Back in 2007, a group of Swedish researches at AnoxKaldes, a subsidiary of Veolia Water Technologies, observed that wastewater bacteria were creating polymers. They worked on improving the polymers’ efficiency and explored the potential of using wastewater as an ingredient in the formation of bioplastics.
Fast-track to 2016, and AnoxKaldnes’/Veolia’s technique of creating biopolymers by bacteria in wastewater has been widely praised for its potential. It is considered to offer real opportunity to replace conventional plastic in a number of areas, although at this stage wastewater bio-plastics may account for only a small percentage of the global plastic packaging picture, will struggle to be commercially competitive and will most probably depend a lot on regional polices to be implemented.
« Bioplastics have a great potential to fill a very real need in the ‘post-oil-era’ when society begins to shift away from the use of fossil fuels. »
Most plastics are made using from finite sources of petroleum or natural gas. Petrol-based plastics are hard to deal with at end-of-use. As Circulate News points out, “Looking through the lens of a circular economy, it is clear that the system of petrol-based plastics is not operating effectively in terms of its negative effects and its over-reliance upon finite resources. It’s a system that is facing increasing challenges with limitations that are gradually being acknowledged.”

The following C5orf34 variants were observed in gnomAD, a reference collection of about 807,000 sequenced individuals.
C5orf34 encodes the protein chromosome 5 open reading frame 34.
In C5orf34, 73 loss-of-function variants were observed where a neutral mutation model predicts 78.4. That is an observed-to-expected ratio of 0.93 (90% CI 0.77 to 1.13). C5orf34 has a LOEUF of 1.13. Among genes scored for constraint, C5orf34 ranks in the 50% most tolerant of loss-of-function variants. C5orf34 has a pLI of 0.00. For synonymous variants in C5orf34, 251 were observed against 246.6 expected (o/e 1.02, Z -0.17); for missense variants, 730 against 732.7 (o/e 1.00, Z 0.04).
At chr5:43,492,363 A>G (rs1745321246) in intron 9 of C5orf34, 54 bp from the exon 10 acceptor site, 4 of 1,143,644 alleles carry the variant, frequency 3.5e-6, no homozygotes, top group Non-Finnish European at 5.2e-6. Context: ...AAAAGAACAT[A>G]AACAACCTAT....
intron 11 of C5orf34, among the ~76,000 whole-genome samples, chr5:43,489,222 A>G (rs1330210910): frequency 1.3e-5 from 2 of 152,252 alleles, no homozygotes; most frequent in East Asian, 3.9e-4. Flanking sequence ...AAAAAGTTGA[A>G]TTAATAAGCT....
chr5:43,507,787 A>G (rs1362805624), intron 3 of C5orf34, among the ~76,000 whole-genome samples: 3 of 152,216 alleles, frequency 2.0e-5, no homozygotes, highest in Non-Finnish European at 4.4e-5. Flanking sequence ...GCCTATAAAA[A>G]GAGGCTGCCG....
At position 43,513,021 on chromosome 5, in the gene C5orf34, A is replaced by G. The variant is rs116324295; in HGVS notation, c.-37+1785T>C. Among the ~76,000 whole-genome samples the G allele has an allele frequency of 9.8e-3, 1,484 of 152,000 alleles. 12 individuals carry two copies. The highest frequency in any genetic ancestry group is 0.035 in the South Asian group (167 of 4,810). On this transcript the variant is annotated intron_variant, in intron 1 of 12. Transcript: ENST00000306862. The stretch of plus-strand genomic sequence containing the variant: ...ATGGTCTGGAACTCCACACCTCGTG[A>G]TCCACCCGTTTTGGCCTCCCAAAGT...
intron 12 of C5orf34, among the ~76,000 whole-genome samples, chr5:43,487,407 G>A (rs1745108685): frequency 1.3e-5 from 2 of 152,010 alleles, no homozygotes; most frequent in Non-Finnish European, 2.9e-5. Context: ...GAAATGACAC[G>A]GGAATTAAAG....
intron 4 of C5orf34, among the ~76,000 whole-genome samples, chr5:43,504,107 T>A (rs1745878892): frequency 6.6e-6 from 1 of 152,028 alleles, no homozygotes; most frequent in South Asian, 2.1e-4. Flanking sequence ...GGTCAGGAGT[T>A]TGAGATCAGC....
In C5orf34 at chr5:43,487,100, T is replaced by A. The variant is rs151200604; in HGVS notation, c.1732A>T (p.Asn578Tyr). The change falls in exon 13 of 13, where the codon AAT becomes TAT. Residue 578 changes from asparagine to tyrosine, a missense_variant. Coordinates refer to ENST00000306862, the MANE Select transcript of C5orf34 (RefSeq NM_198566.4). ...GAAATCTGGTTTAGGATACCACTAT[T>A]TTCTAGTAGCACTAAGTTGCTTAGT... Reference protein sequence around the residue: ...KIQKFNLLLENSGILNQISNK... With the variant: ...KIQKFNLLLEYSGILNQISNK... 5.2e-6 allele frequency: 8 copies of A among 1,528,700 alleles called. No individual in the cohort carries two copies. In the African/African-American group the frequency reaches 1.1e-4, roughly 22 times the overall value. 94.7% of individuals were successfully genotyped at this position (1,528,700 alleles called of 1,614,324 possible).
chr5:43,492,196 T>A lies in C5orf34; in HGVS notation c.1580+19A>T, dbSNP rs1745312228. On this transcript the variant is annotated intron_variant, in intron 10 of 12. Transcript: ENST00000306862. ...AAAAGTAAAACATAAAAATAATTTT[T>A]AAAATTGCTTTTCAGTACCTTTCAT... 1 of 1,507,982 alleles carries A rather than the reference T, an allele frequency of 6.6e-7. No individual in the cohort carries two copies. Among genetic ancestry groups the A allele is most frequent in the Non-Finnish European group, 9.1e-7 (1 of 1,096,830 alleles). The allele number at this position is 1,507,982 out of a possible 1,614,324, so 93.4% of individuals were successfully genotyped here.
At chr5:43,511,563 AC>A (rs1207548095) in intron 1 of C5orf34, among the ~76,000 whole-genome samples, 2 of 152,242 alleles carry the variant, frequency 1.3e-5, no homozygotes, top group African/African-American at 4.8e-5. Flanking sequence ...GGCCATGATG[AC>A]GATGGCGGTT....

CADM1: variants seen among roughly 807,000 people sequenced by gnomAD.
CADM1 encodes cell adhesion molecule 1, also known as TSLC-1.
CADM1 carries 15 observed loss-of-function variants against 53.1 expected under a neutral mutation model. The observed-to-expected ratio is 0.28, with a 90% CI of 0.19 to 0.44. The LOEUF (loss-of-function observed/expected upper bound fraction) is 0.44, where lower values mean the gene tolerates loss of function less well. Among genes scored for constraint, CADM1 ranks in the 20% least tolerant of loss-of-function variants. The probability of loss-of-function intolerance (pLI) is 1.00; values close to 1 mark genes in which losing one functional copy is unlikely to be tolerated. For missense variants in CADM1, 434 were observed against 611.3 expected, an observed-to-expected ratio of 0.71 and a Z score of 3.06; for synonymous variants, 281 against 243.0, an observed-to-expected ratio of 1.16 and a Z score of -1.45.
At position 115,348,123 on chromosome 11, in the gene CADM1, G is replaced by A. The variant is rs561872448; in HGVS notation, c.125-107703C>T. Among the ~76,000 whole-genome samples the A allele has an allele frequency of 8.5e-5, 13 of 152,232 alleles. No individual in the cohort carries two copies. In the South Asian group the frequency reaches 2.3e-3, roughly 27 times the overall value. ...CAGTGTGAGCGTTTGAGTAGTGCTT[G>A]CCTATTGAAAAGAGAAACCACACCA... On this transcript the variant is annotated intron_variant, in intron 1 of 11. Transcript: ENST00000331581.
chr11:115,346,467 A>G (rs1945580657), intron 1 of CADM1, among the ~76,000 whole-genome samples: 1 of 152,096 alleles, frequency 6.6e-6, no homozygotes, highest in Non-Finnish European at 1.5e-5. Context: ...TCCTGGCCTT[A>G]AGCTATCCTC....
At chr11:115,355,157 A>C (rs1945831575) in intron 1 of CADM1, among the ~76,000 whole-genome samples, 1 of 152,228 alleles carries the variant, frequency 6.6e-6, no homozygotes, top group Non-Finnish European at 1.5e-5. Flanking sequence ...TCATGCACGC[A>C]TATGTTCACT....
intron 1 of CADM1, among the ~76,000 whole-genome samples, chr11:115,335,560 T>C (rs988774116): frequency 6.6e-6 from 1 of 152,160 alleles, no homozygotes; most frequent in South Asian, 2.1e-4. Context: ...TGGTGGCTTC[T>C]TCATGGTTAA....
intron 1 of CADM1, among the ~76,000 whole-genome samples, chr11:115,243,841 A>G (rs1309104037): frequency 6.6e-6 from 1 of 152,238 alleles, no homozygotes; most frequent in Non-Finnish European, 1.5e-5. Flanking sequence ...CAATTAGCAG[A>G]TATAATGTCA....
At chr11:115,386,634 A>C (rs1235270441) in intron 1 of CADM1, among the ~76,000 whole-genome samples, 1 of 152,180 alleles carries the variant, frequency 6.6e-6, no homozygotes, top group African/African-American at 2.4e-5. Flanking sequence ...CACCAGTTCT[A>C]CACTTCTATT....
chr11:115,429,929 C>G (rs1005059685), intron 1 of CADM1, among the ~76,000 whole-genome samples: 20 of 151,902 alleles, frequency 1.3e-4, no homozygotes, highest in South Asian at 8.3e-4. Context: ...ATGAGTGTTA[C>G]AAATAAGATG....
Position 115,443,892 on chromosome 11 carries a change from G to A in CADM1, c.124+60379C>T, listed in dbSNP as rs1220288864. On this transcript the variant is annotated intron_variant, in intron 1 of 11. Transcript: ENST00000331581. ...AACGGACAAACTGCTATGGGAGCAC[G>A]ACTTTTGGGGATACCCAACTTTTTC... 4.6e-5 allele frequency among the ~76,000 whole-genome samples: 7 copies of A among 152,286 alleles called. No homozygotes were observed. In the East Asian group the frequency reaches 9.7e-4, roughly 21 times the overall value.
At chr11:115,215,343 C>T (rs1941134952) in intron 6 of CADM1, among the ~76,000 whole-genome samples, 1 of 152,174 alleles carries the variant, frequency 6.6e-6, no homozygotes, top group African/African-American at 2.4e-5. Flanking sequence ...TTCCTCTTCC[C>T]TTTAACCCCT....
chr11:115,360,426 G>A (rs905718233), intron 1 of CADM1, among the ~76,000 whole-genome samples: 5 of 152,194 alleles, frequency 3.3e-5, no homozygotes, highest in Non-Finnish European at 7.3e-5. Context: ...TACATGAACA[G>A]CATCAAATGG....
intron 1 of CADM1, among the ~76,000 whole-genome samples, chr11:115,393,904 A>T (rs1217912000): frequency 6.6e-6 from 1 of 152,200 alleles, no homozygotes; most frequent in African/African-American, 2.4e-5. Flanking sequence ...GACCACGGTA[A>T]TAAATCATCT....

PHA-based bioplastics– PHA being the intermediate material used to produce bioplastics – are highly biodegradable and biocompatible, which make them attractive for a bunch of industries and applications, from the medical and pharmaceutical field to the packaging sector. As Biovox reports, “Bioplastics have a great potential to fill a very real need in the ‘post-oil-era’ when society begins to shift away from the use of fossil fuels.”
Read more about Veolia Water Technologies here.